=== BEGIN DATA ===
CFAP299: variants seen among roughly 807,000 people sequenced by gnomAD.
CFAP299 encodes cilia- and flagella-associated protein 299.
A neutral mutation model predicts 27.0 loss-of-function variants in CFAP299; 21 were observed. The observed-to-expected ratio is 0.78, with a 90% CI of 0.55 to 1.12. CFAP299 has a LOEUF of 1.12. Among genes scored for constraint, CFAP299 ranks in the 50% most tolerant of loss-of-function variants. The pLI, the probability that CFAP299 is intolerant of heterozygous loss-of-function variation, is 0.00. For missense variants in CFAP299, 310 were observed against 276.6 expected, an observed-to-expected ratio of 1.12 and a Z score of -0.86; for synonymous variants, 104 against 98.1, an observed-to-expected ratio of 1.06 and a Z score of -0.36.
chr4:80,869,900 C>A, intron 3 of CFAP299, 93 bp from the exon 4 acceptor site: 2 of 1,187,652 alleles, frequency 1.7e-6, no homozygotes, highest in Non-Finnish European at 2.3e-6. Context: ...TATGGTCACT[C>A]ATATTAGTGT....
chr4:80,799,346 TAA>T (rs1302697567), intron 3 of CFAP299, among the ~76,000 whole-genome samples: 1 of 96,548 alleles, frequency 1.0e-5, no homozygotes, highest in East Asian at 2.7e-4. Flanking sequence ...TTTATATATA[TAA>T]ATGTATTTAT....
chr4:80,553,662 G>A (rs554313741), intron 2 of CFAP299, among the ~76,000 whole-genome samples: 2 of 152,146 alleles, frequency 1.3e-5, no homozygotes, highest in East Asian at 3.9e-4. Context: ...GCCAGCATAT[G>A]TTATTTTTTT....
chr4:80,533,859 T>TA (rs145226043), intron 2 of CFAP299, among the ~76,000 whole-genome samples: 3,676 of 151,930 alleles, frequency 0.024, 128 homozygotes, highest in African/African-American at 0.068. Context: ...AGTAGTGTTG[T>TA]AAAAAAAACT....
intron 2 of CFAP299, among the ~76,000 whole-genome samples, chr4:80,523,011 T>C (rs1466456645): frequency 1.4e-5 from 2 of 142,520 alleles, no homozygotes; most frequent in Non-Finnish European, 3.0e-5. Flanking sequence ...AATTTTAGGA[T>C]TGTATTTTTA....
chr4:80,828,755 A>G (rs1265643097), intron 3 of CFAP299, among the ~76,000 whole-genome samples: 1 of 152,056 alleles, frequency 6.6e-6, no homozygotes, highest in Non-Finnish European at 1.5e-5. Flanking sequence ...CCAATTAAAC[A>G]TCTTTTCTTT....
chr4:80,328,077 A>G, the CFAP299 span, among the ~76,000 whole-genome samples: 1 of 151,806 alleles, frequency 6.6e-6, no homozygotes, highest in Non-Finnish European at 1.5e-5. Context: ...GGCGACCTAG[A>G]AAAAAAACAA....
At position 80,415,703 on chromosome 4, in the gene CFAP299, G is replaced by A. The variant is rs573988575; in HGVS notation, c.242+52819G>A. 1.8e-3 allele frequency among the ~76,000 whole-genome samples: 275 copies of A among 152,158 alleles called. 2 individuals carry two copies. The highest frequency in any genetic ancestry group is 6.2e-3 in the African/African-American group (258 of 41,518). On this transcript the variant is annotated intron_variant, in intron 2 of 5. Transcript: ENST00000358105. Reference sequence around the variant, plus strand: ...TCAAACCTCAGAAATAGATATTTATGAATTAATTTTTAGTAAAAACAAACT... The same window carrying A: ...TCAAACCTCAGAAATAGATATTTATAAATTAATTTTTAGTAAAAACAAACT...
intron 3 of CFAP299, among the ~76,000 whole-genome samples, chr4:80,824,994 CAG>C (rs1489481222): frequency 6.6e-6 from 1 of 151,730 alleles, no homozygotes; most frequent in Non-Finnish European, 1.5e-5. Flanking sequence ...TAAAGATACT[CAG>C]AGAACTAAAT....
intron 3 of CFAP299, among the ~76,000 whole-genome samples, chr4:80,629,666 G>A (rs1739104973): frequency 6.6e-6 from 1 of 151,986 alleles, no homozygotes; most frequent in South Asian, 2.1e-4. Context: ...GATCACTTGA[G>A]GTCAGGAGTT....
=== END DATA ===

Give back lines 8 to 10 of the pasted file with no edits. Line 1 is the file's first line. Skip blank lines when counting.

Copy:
intron 2 of CFAP299, among the ~76,000 whole-genome samples, chr4:80,523,011 T>C (rs1466456645): frequency 1.4e-5 from 2 of 142,520 alleles, no homozygotes; most frequent in Non-Finnish European, 3.0e-5. Flanking sequence ...AATTTTAGGA[T>C]TGTATTTTTA....
chr4:80,828,755 A>G (rs1265643097), intron 3 of CFAP299, among the ~76,000 whole-genome samples: 1 of 152,056 alleles, frequency 6.6e-6, no homozygotes, highest in Non-Finnish European at 1.5e-5. Flanking sequence ...CCAATTAAAC[A>G]TCTTTTCTTT....
chr4:80,328,077 A>G, the CFAP299 span, among the ~76,000 whole-genome samples: 1 of 151,806 alleles, frequency 6.6e-6, no homozygotes, highest in Non-Finnish European at 1.5e-5. Context: ...GGCGACCTAG[A>G]AAAAAAACAA....